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6 Reasons to Check Out ‘Soy Isla’ at The Phillips Collection

A visitor with Zilia Sánchez, Lunar con tatuaje (Moon with Tattoo), c. 1968/96. Acrylic on stretched canvas, 71 × 72 × 12 in., Collection of the artist, Courtesy Galerie Lelong & Co., New York. Photo: Rhiannon Newman

Marvel at seven decades’ worth of mind-bending art from abstract artist Zilia Sánchez right here in Washington, DC.

The Phillips Collection wants to introduce you to one of the most innovative and prolific abstract artists with Zilia Sánchez: Soy Isla (I Am an Island). The long overdue exhibition masterfully illuminates the life and work of Sánchez (born in 1926 in Havana), from her humble beginnings in Cuba to her time at the vanguard of modern art in New York City to her now-permanent residency in Puerto Rico, where she recently saw her studio apartment severely damaged by Hurricane Maria. Thankfully, Sánchez’s workspace has been re-built, so that she can continue providing the world with thought-provoking pieces like the dozens found in this remarkable display, which runs until May 19, 2019.

1 This is the first museum retrospective for the trailblazing Cuban artist.

Zilia Sánchez, Afrocubano, 1957. Oil on canvas, 27 1/2 × 21 1/2 in., Private collection, Madrid3

Zilia Sánchez has never been afraid to stand out. She has applied the title “I Am an Island” to several of her pieces, highlighting a theme present throughout her work. In a career that spans nearly 70 years, Sánchez has always used the abstract to focus on the female body and the surrounding space. In turn, her paintings, drawings, sculptural pieces and groundbreaking shaped canvases stand as remarkable symbols of women’s strength and fortitude. Audiences are fortunate to finally be able to observe the detailed retrospective that The Phillips Collection has provided.

2 Sánchez uses shaped canvases to create truly unique works of art.

A visitor with Zilia Sánchez, Troyanas (Trojan Women), 1984. Acrylic on stretched canvas, 54 × 95 3/8× 11 1/4 in., Compañía de Turismo de Puerto Rico, San Juan. Photo: Rhiannon Newman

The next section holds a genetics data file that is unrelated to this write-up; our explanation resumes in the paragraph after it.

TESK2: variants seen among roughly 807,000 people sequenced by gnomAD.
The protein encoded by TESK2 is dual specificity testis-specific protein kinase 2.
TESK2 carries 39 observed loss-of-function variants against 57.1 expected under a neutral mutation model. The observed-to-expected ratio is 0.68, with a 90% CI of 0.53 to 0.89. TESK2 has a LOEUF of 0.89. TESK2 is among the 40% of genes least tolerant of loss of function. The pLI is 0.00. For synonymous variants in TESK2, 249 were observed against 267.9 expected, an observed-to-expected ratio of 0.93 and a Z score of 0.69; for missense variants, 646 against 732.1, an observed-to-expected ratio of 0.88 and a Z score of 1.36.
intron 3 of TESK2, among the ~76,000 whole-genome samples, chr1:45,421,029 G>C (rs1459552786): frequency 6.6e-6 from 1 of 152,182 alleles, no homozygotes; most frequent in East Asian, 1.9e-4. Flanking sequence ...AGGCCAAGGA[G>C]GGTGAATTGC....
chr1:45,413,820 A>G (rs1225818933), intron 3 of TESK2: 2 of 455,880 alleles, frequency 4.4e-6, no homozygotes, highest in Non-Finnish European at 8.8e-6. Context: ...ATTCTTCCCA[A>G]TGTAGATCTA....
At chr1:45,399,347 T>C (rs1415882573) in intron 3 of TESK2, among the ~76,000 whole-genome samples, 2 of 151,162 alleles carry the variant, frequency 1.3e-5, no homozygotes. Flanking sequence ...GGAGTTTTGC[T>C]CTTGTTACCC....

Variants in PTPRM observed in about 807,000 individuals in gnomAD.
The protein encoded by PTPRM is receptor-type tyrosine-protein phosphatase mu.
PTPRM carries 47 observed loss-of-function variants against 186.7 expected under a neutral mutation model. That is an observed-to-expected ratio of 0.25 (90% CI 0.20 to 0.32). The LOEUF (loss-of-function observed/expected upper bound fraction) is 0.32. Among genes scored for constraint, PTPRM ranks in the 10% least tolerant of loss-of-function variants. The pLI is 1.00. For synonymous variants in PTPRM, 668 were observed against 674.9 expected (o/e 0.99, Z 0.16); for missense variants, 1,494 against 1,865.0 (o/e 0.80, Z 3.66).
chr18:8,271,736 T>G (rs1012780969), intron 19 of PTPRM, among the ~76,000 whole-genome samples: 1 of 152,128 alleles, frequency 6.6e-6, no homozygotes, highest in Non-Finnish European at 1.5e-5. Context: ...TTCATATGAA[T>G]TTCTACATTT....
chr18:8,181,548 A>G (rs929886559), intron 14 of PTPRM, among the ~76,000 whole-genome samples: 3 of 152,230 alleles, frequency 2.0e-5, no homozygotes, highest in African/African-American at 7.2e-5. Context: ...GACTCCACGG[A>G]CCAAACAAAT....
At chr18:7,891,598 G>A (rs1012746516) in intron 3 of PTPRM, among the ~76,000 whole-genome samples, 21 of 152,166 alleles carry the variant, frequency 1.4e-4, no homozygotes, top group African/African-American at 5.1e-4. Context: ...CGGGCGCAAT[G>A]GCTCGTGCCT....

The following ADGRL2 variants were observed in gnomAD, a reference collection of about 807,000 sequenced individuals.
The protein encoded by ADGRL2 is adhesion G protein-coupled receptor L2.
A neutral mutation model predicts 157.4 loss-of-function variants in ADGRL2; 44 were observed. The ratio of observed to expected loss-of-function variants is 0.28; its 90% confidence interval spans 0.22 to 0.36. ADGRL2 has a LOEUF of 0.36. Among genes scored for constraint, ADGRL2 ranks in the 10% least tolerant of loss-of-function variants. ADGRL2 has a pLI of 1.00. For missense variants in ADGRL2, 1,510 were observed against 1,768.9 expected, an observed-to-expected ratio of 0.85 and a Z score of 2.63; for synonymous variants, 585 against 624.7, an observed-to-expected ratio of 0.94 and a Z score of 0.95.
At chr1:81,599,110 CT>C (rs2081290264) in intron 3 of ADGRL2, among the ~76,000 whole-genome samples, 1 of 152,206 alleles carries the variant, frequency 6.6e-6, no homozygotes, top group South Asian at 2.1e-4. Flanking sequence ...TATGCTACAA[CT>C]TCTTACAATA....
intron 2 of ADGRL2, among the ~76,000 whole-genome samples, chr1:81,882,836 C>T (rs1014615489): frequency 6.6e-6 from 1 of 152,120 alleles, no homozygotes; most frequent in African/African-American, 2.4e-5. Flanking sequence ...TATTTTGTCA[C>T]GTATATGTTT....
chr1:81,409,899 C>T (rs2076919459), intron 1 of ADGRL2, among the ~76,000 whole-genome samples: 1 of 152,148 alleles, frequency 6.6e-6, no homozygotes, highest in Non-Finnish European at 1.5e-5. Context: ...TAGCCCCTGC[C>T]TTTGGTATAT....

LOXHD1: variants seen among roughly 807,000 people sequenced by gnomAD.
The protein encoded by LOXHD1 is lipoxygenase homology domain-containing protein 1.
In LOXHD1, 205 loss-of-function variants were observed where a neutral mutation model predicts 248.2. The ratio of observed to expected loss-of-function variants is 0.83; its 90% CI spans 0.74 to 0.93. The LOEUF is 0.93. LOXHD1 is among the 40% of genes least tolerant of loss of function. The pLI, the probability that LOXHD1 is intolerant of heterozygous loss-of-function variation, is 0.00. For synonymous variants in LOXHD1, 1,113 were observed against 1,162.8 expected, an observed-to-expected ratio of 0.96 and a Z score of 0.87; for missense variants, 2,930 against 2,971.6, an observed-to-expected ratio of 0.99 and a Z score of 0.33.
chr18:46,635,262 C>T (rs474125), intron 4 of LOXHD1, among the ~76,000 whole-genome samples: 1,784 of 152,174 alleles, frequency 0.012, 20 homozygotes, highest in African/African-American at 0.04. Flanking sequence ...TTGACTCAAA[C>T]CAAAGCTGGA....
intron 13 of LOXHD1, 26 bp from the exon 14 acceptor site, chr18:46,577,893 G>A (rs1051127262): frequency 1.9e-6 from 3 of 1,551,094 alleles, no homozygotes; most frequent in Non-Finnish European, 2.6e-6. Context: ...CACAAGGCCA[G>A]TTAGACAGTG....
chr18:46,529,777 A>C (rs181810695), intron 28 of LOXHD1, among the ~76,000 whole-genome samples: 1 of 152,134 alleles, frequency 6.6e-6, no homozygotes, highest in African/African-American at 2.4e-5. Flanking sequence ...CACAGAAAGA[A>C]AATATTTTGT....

Perhaps the most striking works in the exhibit, Sánchez’s shaped canvases merge painting and sculpture, creating a sort of synergy between art, geometry and the female body. Her “erotic topologies” are filled with visual references to the moon (indicative of femininity) and the female form, but are at no point crass. These “constructions” or “structures”, as Sánchez has often referred to them, are ambiguous puzzles that the viewer can construct in his or her own way. Standouts include Troyanas (Trojan Women), Juana de Arco (Joan of Arc) and Lunar V (Moon V).

3 You can experience Sánchez’s incredible evolution as an artist.

Zilia Sánchez, Azul azul (Blue Blue), 1956. Acrylic on canvas, 21 × 23 in., Collection of the artist, Courtesy Galerie Lelong & Co., New York

Soy Isla is a trip through the mind and life of a revolutionary creative. When you enter the exhibit, you will be greeted by a two-part I Am an Island piece that embodies ideas present throughout the artist’s oeuvre, as well as a chronology of Sánchez’s life. Her work is presented in the same manner. The retrospective begins with her abstract paintings in the 1950s and continues through her time in New York City, where she experimented with Informel paintings (which heavily feature earth tones), drawings and tattoo paintings, then dives into her jaw-dropping work with shaped canvases. Your experience concludes with a new documentary on Sánchez, screened in a room that displays recent pieces from 2016 and 2018.

4 Sánchez’s art pays tribute to the strength, bravery and independence of women.

Visitors with Zilia Sánchez, Juana de Arco ( Joan of Arc), 1987. Acrylic on stretched canvas, 97 1/4 × 73 3/4 × 13 in. Collection of Mima and César Reyes, San Juan

While the artist’s work is undoubtedly abstract, there is an undeniable through-line: the power of women. Sánchez frequently employs the narratives of female heroines in her work, including Joan of Arc and women who rebelled against authoritarian Amazonian rule. The notion of an island is also central to the exhibit: Sanchez is an islander herself, and she has swum against the tide her entire career, never afraid to stand alone.

5 You will see a masterclass in abstraction across a range of mediums.

\Visitors with Zilia Sánchez, Lunar (Moon), 1985. Acrylic on stretched canvas, 71 1/2 × 73 1/2 × 14 in., Collection of Ignacio J. López Beguiristain and Laura M. Guerra, San Juan. Photo: Rhiannon Newman

Sánchez has never limited herself in forms of expression. Soy Isla shows that no matter the medium, her mastery of the abstract is evident. You’ll see paintings, shaped canvases, drawings, graphic illustrations, works on paper and sculptures. There’s even plenty of context along the way, as The Phillips Collection has gathered photos, notes, hand drawings and publications that feature Sánchez from every era of her career.

6 Last but not least, you will be in the America’s first museum of modern art.

@aquinsta - Renoir's Luncheon of the Boating Party at The Phillips Collection - Art Museum in Washington, DC

The Phillips Collection is a fitting venue for the first museum exhibit dedicated to Zilia Sánchez, as the museum has a tradition of “firsts”. Opened in 1921, the Phillips Collection was the first museum dedicated to modern art in the country. Once you’ve taken in Sánchez’s revelatory work, make sure to check out what else the Phillips has to offer, which includes Jacob Lawrence’s historic Migration Series, a room dedicated to paintings by Mark Rothko, the famous Luncheon of the Boating Party by Pierre-Auguste Renoir, pieces by Vincent van Gogh, William de Kooning and much more.